The MaM subject has been working towards a retrial...
Steven Avery became something of a household name when true-crime series Making A Murderer went viral on Netflix back in 2015.
It seemed as though absolutely everyone, from celebrities to ‘ordinary’ folk, got sucked into the case of the murder of Teresa Halbach and those that were convicted of the crime.
Avery was sentenced to life in prison for first-degree murder in Manitowoc County, Wisconsin. But he has always maintained his innocence.
He claims that he was wrongfully convicted, and the documentary series – which is comprised of ten episodes – followed his court case, shedding light on the evidence and circumstances surrounding the crime.
The show’s success sparked a lot of interest around the original case, with many theories finding their way onto the internet.
There were also a number of campaigns for Steven Avery and his nephew Brendan Dassey, with supporters believing that they deserved a retrial.
Steven secured a new lawyer, Kathleen Zellner, who specialises in wrongful conviction.
Having stated that she believes Avery’s case had ‘all the hallmarks of a wrongful conviction case’, she also said that an agreement had been signed by a Wisconsin judge to start the independent scientific testing of critical pieces of evidence.
But now, we’ve received the news that Steven Avery has been denied his request for a new trial.
On Tuesday 3rd October, Judge Angela Sutkiewicz ruled in the case of Avery that ‘the defendant has failed to establish any grounds that would trigger the right to a new trial in the interests of justice.’
‘As such, no further consideration will be given to this issue,’ she added.
The judge also claimed that there was no ‘reasonable probability that a different result would be reached at a new trial.’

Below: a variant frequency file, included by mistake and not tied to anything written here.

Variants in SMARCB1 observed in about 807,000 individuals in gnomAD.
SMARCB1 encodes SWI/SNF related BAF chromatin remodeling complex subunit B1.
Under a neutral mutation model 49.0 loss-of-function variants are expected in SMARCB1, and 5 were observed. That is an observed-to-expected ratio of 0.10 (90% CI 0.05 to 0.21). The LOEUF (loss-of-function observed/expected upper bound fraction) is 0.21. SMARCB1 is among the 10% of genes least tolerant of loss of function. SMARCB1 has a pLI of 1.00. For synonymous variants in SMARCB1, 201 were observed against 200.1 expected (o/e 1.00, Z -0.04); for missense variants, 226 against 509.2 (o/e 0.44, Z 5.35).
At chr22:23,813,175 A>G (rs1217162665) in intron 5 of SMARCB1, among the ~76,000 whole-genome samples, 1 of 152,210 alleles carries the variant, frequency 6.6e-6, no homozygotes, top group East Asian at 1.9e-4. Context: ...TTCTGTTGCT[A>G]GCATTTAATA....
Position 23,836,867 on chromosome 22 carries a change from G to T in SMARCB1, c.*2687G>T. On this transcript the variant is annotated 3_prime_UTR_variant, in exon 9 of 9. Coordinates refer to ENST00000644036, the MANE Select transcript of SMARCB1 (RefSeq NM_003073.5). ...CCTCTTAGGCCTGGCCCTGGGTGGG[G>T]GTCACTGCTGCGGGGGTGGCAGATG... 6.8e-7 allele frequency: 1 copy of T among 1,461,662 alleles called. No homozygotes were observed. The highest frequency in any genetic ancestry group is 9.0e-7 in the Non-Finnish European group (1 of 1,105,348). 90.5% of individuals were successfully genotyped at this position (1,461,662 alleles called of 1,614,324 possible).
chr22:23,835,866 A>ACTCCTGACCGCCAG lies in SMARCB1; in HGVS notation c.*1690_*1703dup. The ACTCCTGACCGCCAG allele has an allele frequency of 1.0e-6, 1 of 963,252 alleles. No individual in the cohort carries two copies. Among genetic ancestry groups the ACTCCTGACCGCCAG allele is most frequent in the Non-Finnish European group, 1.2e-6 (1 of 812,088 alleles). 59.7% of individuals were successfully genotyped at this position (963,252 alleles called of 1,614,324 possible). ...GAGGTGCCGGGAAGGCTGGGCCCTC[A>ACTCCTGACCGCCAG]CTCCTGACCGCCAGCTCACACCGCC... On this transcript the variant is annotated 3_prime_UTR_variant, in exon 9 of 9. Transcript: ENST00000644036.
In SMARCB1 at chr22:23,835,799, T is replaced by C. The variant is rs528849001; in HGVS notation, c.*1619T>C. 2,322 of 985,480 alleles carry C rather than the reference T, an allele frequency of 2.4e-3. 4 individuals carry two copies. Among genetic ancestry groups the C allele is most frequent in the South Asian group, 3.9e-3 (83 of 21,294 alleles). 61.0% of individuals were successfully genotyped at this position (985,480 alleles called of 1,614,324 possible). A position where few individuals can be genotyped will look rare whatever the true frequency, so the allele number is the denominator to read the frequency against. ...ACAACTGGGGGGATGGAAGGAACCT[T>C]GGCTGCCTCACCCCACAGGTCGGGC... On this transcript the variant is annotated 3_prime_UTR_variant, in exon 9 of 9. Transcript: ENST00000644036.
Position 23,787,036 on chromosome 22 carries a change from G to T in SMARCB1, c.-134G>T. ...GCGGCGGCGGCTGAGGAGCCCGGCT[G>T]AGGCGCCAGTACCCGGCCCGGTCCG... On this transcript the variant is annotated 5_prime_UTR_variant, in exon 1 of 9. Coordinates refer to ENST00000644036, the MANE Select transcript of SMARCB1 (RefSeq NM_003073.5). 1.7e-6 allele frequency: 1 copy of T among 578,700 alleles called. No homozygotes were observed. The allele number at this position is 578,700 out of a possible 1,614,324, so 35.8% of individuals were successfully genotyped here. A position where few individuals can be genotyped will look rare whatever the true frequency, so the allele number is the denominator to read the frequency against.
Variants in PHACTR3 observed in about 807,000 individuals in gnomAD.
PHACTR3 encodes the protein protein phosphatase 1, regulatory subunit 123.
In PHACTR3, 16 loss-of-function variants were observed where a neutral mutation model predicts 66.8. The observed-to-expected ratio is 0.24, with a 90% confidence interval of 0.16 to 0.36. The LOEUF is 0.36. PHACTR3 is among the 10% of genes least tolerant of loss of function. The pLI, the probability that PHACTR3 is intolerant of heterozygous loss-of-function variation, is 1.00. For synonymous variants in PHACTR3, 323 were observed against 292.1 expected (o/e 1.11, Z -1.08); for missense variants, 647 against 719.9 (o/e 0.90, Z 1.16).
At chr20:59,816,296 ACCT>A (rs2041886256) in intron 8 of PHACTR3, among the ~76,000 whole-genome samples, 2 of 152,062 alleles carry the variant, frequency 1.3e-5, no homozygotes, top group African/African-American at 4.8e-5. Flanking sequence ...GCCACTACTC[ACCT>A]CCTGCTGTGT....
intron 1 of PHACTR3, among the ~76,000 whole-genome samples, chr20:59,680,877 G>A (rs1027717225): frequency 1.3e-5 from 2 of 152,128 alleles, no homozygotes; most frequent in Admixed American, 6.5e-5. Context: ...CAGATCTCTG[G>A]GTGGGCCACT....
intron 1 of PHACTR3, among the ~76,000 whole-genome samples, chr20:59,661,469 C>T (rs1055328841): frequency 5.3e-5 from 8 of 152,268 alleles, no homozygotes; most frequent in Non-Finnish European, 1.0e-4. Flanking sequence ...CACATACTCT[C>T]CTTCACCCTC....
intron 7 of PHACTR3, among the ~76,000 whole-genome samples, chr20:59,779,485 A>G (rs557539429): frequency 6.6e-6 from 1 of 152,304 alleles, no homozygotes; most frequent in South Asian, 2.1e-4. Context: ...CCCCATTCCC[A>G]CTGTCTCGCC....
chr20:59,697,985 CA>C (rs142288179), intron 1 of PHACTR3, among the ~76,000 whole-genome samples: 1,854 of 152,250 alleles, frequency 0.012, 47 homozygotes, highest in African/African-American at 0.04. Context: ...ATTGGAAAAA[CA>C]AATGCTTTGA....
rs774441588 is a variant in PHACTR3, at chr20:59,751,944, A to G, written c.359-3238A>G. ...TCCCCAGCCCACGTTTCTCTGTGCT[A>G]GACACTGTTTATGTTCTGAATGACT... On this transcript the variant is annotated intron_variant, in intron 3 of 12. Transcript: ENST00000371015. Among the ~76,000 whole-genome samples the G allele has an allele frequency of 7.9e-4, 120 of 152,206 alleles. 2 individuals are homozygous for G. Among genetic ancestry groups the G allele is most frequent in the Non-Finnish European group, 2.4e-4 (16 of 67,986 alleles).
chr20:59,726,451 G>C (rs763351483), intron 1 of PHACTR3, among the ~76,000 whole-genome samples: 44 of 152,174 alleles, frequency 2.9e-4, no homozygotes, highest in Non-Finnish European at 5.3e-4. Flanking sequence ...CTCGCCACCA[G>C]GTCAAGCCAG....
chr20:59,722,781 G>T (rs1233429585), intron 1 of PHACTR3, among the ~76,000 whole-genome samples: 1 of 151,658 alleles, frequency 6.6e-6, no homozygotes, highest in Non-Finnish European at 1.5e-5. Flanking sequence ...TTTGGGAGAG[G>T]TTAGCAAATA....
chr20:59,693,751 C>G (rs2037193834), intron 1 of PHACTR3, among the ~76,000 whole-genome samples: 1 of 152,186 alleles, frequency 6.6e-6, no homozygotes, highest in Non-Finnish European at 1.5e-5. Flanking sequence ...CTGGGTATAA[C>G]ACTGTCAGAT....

Not giving up, Zellner argued that she will now seek to overturn the judge’s order.
Taking to Twitter she also said: ‘The battle continues. We have new evidence & witnesses. An innocent person never quits nor do we. #MakingAMurderer’.
Zellner also linked to an official press release.
In August last year, Brendan Dassey had his conviction overturned by a judge.
He was just 16-years-old when he was charged and found guilty in the case of Teresa Halbach, but the documentary series shed light on the circumstances surrounding his interrogation.
Featuring original footage from Brendan’s police interviews, many came to the conclusion that he’d been taken advantage of and coerced into a false confession.
A judge ruled that the investigators in the 2007 trial made false promises to Dassey by assuring him ‘he had nothing to worry about’.
Judge William Duffin said in 2016: ‘These repeated false promises, when considered in conjunction with all relevant factors, most especially Dassey’s age, intellectual deficits, and the absence of a supportive adult, rendered Dassey’s confession involuntary under the Fifth and 14th Amendments.’
Despite this, Dassey remains in custody as the state appeals the overturned conviction.